CFD for crisis management

CFD simulations are currently being adapted for use in emergency preparedness and crisis management. Many unfortunate events, which could have been tackled without damage, escalated into major accidents. These accidents could have been avoided should the decision-making been aided by processed data based on CFD simulations. Simulation data on a given installation can be post-processed and analysed in order to develop response to certain hazards. Moreover, available simulation data can be made available, on demand, to aid crisis management such as evacuation through smoke free routes in a fire event.

CFD for accident investigations

It can be stated that CFD is extensively used to settle a proactive safety culture rather than a passive one driven by accidents. Nevertheless, accidents can be reduced but not totally eliminated. In the event of accidents, investigations are quite vital in order to identify the root causes. Understanding the cause of accidents can help avoiding it in the future. CFD tools can be used to replicate the scenarios of accidents and sequence of events that took place. Many accidents such as the Buncefield (onshore) and Piper Alpha (offshore) were better understood and explained through CFD simulations.

CFD tools

For many years, the use of CFD models (such as GexCon’s FLACS) in explosion safety for offshore installations became the industry standard and is even required by regulations in some countries. The implementation of similar advanced tools for fire related consequence modelling has however been much slower. With the advent of new software tools, ever-faster desktop computers and improved user interfaces, more advanced fire simulation models are becoming more accessible to a wider range of fire safety engineers. Thus, computer simulations are becoming a viable option for many types of design aspects. NIST’s FDS has been widely used for residential fire applications mostly smoke propagation. Similarly, COMPUTIT’s KFX has been used for hydrocarbon fires applications. Now GexCon has recently launched the Fire module in FLACS, which allows fire simulations in line with the dispersion and explosion simulation capabilities available in the code. The new module has been used internally for a while but recently launched to external users. Below are some illustrations of typical offshore fires simulated by GexCon’s FLACS. Figure 1 depicts the flame contours of a jet fire on-board in a Floating Production Storage Offloading (FPSO) at sea. Figure 2 shows the resulting heat fluxes on critical elements of the ship due to the same fire event. Depicted in Figure 3 is a jet fire and the resulting heat fluxes on a platform.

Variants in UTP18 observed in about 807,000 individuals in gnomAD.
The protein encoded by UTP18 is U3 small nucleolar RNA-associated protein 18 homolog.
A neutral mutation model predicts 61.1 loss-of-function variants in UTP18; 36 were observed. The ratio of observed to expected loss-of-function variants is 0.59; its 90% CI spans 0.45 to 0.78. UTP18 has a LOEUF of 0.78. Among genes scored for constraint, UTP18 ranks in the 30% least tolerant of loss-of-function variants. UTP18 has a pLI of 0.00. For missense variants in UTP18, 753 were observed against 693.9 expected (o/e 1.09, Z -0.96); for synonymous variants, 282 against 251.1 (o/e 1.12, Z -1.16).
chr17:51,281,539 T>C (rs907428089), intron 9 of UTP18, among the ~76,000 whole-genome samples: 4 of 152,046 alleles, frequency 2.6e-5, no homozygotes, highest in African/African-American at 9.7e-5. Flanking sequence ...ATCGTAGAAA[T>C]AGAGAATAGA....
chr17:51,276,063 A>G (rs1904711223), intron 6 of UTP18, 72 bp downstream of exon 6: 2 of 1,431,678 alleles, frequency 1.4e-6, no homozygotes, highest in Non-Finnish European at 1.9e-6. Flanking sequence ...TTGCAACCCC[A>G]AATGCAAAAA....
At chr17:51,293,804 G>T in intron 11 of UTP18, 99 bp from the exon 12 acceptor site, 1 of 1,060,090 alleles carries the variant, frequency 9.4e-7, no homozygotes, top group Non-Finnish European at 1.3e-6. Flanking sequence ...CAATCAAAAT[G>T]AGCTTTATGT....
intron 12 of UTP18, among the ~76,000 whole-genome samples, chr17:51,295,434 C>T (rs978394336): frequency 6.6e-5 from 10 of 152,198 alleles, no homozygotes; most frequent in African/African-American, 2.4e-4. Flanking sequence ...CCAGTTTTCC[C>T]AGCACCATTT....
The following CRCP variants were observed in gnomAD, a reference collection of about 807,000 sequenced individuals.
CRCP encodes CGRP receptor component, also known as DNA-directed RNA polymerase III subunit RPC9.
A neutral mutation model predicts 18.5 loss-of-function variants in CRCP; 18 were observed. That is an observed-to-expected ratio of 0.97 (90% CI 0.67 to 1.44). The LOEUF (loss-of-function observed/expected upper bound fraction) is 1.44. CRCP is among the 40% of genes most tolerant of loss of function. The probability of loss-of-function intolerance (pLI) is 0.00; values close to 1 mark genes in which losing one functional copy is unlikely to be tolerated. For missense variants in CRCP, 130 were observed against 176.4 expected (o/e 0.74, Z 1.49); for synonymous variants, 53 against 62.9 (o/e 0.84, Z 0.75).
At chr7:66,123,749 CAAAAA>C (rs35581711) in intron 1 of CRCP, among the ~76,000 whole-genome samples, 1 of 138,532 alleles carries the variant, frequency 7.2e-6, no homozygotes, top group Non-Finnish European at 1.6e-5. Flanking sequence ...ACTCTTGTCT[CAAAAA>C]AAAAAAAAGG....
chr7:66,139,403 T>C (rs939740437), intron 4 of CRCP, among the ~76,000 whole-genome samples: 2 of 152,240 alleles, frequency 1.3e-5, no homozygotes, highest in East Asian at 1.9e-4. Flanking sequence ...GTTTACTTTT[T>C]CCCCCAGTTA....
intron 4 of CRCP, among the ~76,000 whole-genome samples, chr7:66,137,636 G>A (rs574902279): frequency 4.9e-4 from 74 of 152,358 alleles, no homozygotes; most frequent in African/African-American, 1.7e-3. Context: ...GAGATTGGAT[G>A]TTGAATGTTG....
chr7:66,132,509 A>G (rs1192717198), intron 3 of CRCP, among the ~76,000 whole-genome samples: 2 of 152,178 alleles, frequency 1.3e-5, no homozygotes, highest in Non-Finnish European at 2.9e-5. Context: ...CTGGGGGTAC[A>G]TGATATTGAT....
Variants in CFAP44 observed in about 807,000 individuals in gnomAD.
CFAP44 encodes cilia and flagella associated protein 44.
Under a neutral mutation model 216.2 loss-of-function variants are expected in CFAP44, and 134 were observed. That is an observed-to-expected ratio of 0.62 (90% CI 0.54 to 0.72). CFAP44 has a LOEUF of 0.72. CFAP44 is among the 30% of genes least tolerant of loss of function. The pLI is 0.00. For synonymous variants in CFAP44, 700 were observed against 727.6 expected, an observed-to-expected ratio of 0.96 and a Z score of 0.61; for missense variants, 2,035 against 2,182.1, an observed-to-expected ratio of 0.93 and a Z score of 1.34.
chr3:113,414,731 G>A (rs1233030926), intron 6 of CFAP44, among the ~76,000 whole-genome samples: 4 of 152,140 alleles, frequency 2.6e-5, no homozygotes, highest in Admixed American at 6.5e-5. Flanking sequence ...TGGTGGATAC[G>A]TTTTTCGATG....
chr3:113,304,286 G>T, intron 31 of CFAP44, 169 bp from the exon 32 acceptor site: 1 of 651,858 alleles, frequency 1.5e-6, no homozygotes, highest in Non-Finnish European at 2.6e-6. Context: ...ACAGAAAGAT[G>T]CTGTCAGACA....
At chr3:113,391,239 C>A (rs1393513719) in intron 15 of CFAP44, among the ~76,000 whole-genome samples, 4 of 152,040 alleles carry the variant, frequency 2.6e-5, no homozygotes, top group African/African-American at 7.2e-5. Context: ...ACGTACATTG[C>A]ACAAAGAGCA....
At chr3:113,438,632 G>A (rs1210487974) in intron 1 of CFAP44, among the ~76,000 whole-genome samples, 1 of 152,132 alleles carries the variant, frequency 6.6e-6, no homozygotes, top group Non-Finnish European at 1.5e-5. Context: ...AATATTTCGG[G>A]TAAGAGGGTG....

Figure 1: Propane jet fire on-board FPSO

Figure 2: Incident heat fluxes on firewall resulting from the propane jet fire

Figure 3: Jet fire and incident heat fluxes on the deck of a platform